Need to solder my headset back together, which cables are which?
14 replies, posted
Right, so I managed to tear the cables to my Creative Fatal1ty headset right out of the little doohickey that houses the volume control.
Now I need to solder it back together, and I can't figure out which cable is which. Normally I wouldn't go through all this trouble, but I don't feel like buying a new €50 headset just because of the cable breaking.
This is the PCB:
As you can see there are Left, Right, Mic-, Mic+, and Ground inputs.
The reason there are mutilated wire stumps on it is that I don't have access to a soldering station at the moment, and thus haven't got access to any means of unsoldering either. I'm going to have this done at campus tomorrow.
Incidentally, the soldering work done on this board is freaking horrible, big blobs with wires sticking out that have been cut off after the soldering was done. I think I'll have to redo them all. My OCD demands it.
Here is the cable:
Now, in my experience, the ground is usually the one wrapped around another wire (as the uncoloured one was around the white one before I unwrapped it and twisted it) From this I can conclude that the copper-coloured wire is ground.
Problem is, I don't know the rest. The way I remember it, speaker wires (the ones without connectors) are usually red and white/black, but which one is L/R? And, assuming that's correct, which one of the green and blue wires is + and - on the mic?
You could run a voltage through the headset and see which one makes sound.
Cut the blue one.
OK, so only the mic cables left.
In case you haven't seen the Fatal1ty headset, it's got a disconnectable microphone. I have an old hardly-working headset that I could plug into the 3.5mm plug instead of the mic. If I were to run a current through the wires, is there a way for me to determine which one's + and which one's -? Or should I do it another way?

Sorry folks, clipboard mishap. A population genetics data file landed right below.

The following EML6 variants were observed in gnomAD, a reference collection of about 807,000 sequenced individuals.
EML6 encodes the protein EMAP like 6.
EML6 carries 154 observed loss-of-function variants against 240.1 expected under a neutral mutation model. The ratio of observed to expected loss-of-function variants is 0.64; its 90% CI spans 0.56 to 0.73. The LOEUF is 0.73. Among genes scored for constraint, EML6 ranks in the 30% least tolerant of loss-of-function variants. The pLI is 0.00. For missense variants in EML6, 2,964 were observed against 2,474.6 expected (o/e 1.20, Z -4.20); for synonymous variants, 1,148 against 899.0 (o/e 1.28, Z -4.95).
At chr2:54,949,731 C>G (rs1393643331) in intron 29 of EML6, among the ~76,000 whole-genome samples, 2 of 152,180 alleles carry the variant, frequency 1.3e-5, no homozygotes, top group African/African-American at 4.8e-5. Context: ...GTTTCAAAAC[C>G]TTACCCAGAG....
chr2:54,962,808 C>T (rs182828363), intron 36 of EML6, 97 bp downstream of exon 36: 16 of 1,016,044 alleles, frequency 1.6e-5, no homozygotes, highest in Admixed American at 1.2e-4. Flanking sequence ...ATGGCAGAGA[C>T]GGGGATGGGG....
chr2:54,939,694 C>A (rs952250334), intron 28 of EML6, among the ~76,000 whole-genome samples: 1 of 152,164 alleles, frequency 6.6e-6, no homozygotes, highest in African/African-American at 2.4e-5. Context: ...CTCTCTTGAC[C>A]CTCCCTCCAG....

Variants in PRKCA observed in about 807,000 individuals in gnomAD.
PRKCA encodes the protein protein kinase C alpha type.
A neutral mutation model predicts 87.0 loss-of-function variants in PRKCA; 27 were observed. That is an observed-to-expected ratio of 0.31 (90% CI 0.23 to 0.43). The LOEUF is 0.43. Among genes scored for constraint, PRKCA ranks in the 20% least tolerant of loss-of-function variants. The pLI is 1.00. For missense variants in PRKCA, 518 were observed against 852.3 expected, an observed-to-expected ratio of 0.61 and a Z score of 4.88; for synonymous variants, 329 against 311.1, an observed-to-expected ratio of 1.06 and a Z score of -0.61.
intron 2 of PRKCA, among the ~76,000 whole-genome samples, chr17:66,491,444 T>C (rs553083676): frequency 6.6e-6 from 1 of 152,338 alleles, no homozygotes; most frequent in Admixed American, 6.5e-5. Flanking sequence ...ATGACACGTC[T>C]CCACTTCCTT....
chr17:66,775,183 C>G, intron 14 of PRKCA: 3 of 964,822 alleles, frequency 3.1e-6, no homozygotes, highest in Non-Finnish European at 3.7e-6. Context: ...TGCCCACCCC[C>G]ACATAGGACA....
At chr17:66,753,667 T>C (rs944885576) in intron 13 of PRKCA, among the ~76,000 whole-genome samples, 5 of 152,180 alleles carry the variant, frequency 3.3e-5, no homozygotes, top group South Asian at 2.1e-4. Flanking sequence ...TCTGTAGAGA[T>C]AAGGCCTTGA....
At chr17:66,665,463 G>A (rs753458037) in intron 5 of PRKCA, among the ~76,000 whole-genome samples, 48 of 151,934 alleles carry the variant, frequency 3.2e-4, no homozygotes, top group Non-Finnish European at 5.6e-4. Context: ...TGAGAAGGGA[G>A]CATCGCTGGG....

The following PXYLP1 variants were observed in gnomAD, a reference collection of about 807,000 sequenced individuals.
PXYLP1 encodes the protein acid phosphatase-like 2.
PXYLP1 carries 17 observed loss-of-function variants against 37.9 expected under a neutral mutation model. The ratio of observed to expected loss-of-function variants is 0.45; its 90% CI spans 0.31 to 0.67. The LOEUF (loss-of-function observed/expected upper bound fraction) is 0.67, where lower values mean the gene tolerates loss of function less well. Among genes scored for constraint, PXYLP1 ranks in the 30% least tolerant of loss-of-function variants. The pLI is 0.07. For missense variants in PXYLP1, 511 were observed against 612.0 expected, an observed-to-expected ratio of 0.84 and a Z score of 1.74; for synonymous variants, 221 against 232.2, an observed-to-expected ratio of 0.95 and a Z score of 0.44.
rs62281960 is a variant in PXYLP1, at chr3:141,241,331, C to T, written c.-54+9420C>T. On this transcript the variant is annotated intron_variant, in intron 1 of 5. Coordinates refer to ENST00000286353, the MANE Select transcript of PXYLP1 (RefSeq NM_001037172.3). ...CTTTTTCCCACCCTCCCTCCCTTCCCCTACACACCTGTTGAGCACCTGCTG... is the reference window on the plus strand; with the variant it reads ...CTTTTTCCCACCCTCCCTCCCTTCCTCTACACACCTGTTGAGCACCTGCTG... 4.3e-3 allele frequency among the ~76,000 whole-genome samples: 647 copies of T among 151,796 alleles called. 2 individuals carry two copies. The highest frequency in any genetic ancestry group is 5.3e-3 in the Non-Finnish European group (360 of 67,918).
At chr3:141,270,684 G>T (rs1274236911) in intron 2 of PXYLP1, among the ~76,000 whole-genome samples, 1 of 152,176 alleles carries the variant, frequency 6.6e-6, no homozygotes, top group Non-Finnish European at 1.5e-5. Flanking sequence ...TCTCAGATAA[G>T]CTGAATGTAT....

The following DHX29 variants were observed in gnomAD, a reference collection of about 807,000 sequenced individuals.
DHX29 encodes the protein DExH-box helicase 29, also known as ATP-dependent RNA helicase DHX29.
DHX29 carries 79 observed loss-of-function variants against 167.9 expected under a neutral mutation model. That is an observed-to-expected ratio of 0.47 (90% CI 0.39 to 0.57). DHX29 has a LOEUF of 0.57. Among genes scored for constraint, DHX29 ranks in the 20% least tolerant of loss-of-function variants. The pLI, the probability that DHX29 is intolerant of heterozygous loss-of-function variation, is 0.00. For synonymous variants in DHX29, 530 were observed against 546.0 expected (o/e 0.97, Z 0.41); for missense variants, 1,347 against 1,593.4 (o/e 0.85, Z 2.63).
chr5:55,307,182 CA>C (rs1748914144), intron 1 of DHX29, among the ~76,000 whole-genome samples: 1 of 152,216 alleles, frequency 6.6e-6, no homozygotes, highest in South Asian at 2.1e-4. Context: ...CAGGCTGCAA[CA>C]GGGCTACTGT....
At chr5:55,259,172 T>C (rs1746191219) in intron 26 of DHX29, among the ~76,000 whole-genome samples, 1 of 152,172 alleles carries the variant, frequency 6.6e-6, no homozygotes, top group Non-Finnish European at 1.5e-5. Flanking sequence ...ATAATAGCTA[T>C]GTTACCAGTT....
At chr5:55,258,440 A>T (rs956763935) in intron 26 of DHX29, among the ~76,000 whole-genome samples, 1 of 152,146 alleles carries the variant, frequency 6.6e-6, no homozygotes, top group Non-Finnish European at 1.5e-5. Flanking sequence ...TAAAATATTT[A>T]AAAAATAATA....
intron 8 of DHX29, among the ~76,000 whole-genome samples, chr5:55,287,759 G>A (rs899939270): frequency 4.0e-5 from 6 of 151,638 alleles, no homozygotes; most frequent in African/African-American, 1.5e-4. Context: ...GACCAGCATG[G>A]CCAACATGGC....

[qUOTE=Kert97;24466049]Cut the blue one.[/QUOTE]
Oh hardy-har har.
I have the same headset as you
[QUOTE=Kert97;24466049]Cut the blue one.[/QUOTE]
You've doomed us all!
Anyway I'm self taught at soldering and I'm doing an electronics course right now. Usually the raw one (2 twisted together) are the main wires that goto the headset, red and blue are normally left and right and white and green is the volume control spindle.
Red = Right
White = Left
Copper = Ground
Basically that's standard from my experience.
You say the mic is removable? does it connect to the headset itself via 3.5mm or something?
Yeah, that's it.
Never trust color codes for wires. I was building a PS2 gamepad adapter recently so I cut open a playstation controller extension cord. It had wires of all the colors you see inside a normal playstation controller cord, so I wired it up by color. Turns out it was totally wrong. You'd [i]at least[/i] expect black to be ground and red or white to be power, right? Nope. Not even ground/power were colored correctly. I'm pretty sure I did some damage to either the controller or the microcontroller.
If you're taking it to the campus electronics lab, I'm sure they have multimeters. Use the conductivity tester to match the parts of the TRS jack to the individual wires.
So after discovering that the PCB started to melt whenever I came near it with the soldering pen (as in, before the tin melted enough), I decided to just solder the wires together. Looks real neat (not):
The question is, does it work?
You could've picked up some heat-shrink tubing, at least. It's really cheap.
[QUOTE=ROBO_DONUT;24497433]You could've picked up some heat-shrink tubing, at least. It's really cheap.[/QUOTE]
Or at least use proper electrical tape instead of duct tape
There's electrical tape inside the duct tape. I'm not a [I]complete[/I] klutz.
It works just as well as before, thankyouverymuch,
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